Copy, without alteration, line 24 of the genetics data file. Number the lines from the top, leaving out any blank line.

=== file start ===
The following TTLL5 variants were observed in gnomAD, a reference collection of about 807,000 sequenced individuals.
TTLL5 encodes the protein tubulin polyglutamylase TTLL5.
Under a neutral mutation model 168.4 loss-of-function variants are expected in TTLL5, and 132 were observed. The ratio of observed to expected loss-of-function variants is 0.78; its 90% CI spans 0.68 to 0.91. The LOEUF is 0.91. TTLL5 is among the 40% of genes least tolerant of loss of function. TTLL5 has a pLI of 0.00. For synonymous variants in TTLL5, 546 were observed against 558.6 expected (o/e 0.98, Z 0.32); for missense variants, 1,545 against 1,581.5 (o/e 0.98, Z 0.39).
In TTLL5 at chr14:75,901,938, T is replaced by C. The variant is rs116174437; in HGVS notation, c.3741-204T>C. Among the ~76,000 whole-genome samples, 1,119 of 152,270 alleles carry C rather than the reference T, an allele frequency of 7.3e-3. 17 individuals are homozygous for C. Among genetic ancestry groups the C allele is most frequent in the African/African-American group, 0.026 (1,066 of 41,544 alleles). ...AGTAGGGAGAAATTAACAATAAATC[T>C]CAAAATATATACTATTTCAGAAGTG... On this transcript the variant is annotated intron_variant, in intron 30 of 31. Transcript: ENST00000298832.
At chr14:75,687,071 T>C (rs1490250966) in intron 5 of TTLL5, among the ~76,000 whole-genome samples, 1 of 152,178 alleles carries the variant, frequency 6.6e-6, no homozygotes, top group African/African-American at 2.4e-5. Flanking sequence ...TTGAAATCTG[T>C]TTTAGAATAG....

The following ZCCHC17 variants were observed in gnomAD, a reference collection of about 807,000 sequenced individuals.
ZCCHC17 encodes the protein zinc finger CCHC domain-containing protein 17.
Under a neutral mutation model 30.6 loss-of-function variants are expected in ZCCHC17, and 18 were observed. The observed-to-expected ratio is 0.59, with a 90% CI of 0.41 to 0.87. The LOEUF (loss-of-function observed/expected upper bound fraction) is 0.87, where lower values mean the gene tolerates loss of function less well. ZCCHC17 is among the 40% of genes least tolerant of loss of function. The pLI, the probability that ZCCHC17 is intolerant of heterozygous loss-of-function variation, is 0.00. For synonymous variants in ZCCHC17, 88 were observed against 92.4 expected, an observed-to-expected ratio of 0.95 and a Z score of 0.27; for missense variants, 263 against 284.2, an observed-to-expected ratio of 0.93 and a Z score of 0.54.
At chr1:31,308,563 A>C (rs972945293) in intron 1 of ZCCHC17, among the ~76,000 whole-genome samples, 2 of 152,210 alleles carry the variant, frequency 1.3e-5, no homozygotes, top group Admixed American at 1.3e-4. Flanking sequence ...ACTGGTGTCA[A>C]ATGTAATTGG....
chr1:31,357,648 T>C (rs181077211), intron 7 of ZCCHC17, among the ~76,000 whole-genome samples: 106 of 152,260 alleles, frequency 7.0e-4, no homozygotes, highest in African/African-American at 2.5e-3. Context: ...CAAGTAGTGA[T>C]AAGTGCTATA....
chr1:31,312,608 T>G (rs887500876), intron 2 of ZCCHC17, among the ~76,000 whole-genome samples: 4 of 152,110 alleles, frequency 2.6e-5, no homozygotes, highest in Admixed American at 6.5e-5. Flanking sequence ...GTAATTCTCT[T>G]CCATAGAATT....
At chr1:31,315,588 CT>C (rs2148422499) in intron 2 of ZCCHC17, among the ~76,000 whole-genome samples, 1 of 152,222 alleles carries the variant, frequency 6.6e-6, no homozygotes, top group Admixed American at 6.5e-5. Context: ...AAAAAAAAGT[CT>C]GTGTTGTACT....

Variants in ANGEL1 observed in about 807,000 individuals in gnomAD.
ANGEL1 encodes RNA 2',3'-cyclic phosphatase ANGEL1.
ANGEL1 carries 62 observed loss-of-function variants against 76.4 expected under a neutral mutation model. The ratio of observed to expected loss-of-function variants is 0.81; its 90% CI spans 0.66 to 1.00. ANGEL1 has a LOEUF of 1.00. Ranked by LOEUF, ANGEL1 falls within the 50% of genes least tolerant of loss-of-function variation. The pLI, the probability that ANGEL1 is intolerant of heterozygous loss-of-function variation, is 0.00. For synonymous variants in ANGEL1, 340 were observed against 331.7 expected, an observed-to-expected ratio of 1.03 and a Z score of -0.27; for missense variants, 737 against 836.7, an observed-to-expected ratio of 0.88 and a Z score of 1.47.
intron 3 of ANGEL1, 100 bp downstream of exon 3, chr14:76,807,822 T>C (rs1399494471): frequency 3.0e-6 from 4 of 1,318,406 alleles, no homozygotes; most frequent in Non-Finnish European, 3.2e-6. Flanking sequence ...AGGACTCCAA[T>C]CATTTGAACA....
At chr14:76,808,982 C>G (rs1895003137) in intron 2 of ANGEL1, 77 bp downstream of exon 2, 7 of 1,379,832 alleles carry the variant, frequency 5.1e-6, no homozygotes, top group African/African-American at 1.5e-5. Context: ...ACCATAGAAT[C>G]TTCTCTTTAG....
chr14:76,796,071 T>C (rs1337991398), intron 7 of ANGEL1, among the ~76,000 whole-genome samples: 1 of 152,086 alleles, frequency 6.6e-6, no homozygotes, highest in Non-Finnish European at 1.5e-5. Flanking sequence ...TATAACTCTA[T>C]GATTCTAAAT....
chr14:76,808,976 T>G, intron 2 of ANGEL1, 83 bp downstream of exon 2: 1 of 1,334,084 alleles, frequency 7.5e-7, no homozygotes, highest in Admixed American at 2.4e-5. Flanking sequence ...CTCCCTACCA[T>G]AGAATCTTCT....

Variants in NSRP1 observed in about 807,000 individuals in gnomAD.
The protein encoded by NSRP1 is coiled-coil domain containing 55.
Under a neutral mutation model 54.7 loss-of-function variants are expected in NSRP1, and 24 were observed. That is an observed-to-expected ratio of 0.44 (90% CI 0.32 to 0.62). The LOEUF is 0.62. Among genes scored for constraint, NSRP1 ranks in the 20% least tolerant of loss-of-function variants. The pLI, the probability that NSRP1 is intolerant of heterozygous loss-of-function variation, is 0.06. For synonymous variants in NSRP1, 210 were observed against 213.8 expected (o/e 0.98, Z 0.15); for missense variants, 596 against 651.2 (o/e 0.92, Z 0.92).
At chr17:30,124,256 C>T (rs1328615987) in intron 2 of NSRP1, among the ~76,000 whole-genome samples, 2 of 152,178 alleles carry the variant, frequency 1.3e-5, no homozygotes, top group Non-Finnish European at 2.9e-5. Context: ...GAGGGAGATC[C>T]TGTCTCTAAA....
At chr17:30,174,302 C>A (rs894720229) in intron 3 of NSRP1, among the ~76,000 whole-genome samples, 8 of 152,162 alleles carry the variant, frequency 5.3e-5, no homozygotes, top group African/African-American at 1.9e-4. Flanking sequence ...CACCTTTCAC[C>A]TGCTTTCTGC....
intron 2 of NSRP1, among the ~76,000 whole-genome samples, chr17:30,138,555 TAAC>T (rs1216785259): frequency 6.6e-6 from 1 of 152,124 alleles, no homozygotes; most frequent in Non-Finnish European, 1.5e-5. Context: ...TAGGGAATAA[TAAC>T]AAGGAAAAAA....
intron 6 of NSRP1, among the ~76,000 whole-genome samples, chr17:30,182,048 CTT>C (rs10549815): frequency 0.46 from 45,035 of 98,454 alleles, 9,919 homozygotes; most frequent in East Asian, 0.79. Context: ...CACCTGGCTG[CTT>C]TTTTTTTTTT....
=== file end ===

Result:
At chr17:30,174,302 C>A (rs894720229) in intron 3 of NSRP1, among the ~76,000 whole-genome samples, 8 of 152,162 alleles carry the variant, frequency 5.3e-5, no homozygotes, top group African/African-American at 1.9e-4. Flanking sequence ...CACCTTTCAC[C>A]TGCTTTCTGC....